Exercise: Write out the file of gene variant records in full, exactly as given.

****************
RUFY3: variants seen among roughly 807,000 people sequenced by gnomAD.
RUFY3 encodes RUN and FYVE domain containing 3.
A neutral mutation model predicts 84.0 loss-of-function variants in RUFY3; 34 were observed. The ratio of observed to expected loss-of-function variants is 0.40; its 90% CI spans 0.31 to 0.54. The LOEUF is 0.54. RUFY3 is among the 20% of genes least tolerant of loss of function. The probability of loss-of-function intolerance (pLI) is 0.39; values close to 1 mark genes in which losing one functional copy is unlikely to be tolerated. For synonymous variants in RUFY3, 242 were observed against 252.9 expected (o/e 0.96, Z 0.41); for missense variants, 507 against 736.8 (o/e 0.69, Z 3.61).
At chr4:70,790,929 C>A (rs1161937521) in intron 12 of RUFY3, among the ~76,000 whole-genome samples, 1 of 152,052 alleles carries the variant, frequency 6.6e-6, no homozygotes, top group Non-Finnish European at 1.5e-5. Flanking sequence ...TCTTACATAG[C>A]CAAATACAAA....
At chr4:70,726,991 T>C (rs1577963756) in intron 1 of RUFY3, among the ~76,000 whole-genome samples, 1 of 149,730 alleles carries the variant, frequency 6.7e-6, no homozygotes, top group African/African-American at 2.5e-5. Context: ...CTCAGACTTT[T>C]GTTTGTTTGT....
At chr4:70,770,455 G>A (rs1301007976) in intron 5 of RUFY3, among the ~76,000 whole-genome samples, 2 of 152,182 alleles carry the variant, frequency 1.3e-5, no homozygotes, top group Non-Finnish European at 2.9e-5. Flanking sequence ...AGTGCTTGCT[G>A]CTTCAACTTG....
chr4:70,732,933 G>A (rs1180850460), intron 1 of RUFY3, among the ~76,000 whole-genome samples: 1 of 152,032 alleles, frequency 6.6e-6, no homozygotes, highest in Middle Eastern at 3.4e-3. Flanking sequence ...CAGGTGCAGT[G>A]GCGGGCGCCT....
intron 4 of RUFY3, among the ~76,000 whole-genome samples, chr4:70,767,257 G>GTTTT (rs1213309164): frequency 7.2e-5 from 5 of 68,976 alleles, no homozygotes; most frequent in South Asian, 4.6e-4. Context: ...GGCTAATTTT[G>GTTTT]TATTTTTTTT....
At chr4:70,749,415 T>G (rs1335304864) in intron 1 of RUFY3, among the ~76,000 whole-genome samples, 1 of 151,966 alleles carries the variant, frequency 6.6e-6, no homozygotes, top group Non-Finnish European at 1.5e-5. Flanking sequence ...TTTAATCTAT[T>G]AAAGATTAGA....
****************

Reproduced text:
RUFY3: variants seen among roughly 807,000 people sequenced by gnomAD.
RUFY3 encodes RUN and FYVE domain containing 3.
A neutral mutation model predicts 84.0 loss-of-function variants in RUFY3; 34 were observed. The ratio of observed to expected loss-of-function variants is 0.40; its 90% CI spans 0.31 to 0.54. The LOEUF is 0.54. RUFY3 is among the 20% of genes least tolerant of loss of function. The probability of loss-of-function intolerance (pLI) is 0.39; values close to 1 mark genes in which losing one functional copy is unlikely to be tolerated. For synonymous variants in RUFY3, 242 were observed against 252.9 expected (o/e 0.96, Z 0.41); for missense variants, 507 against 736.8 (o/e 0.69, Z 3.61).
At chr4:70,790,929 C>A (rs1161937521) in intron 12 of RUFY3, among the ~76,000 whole-genome samples, 1 of 152,052 alleles carries the variant, frequency 6.6e-6, no homozygotes, top group Non-Finnish European at 1.5e-5. Flanking sequence ...TCTTACATAG[C>A]CAAATACAAA....
At chr4:70,726,991 T>C (rs1577963756) in intron 1 of RUFY3, among the ~76,000 whole-genome samples, 1 of 149,730 alleles carries the variant, frequency 6.7e-6, no homozygotes, top group African/African-American at 2.5e-5. Context: ...CTCAGACTTT[T>C]GTTTGTTTGT....
At chr4:70,770,455 G>A (rs1301007976) in intron 5 of RUFY3, among the ~76,000 whole-genome samples, 2 of 152,182 alleles carry the variant, frequency 1.3e-5, no homozygotes, top group Non-Finnish European at 2.9e-5. Flanking sequence ...AGTGCTTGCT[G>A]CTTCAACTTG....
chr4:70,732,933 G>A (rs1180850460), intron 1 of RUFY3, among the ~76,000 whole-genome samples: 1 of 152,032 alleles, frequency 6.6e-6, no homozygotes, highest in Middle Eastern at 3.4e-3. Flanking sequence ...CAGGTGCAGT[G>A]GCGGGCGCCT....
intron 4 of RUFY3, among the ~76,000 whole-genome samples, chr4:70,767,257 G>GTTTT (rs1213309164): frequency 7.2e-5 from 5 of 68,976 alleles, no homozygotes; most frequent in South Asian, 4.6e-4. Context: ...GGCTAATTTT[G>GTTTT]TATTTTTTTT....
At chr4:70,749,415 T>G (rs1335304864) in intron 1 of RUFY3, among the ~76,000 whole-genome samples, 1 of 151,966 alleles carries the variant, frequency 6.6e-6, no homozygotes, top group Non-Finnish European at 1.5e-5. Flanking sequence ...TTTAATCTAT[T>G]AAAGATTAGA....